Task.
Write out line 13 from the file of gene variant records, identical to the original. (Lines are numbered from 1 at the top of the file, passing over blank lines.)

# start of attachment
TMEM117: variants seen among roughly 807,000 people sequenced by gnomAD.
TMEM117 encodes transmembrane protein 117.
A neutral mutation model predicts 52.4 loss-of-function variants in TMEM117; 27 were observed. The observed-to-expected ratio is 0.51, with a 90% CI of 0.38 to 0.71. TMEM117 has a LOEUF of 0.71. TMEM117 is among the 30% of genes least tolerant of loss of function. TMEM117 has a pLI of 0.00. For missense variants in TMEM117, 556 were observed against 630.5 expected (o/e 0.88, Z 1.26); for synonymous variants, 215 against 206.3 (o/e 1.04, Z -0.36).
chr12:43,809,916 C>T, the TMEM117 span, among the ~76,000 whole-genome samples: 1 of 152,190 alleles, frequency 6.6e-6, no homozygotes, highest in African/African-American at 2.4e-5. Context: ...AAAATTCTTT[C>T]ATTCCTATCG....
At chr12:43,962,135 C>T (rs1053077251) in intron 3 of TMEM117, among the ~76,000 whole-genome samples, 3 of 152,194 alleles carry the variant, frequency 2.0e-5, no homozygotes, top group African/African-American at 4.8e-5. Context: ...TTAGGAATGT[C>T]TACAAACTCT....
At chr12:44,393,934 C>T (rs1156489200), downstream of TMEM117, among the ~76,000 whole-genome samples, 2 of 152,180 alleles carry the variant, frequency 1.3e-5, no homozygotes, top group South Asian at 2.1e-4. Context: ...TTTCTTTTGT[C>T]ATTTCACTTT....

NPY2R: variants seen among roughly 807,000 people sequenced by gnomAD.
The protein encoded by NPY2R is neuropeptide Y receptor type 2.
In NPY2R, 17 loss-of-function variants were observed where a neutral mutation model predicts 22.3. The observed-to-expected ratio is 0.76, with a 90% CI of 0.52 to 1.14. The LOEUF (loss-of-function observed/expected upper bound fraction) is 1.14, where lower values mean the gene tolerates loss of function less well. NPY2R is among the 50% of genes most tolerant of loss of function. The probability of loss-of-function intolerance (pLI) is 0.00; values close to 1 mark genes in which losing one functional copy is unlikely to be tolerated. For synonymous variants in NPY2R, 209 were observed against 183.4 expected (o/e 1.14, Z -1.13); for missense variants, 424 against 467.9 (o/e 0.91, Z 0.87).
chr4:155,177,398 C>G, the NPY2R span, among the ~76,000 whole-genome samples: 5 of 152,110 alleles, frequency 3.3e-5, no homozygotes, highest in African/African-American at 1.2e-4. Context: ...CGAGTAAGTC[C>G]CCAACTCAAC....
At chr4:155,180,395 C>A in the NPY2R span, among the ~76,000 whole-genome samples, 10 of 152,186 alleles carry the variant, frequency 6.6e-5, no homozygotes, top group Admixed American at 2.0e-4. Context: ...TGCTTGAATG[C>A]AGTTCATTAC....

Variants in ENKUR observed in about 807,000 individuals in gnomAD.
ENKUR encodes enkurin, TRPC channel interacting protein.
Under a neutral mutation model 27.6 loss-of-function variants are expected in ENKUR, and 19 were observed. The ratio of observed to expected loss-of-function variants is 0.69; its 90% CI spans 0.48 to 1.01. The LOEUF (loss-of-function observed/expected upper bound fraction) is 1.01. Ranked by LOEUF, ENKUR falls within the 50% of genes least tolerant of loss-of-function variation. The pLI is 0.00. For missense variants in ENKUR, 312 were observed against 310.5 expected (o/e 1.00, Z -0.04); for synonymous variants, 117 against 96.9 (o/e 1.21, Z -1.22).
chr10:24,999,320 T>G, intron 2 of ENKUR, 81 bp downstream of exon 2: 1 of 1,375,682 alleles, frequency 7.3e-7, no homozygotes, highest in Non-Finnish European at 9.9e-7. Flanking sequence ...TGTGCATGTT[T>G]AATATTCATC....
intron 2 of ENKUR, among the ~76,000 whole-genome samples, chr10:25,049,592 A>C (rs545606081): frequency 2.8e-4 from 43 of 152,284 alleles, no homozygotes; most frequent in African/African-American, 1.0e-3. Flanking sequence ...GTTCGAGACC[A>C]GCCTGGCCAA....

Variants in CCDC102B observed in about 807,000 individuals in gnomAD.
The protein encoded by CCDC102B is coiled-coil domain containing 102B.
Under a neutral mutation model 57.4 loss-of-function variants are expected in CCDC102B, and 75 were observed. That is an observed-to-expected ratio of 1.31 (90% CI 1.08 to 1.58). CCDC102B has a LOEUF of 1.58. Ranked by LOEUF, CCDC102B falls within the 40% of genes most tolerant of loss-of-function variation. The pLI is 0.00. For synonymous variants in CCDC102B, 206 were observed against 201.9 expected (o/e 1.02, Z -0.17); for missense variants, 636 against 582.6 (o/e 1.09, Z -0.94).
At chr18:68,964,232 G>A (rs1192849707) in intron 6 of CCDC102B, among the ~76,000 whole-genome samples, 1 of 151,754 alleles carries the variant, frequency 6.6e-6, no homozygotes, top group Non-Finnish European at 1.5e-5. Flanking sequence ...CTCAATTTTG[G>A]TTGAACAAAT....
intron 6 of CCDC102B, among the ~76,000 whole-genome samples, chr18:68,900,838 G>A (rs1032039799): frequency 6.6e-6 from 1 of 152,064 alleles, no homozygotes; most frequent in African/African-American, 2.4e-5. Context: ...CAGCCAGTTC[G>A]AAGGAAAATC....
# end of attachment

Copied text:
ENKUR encodes enkurin, TRPC channel interacting protein.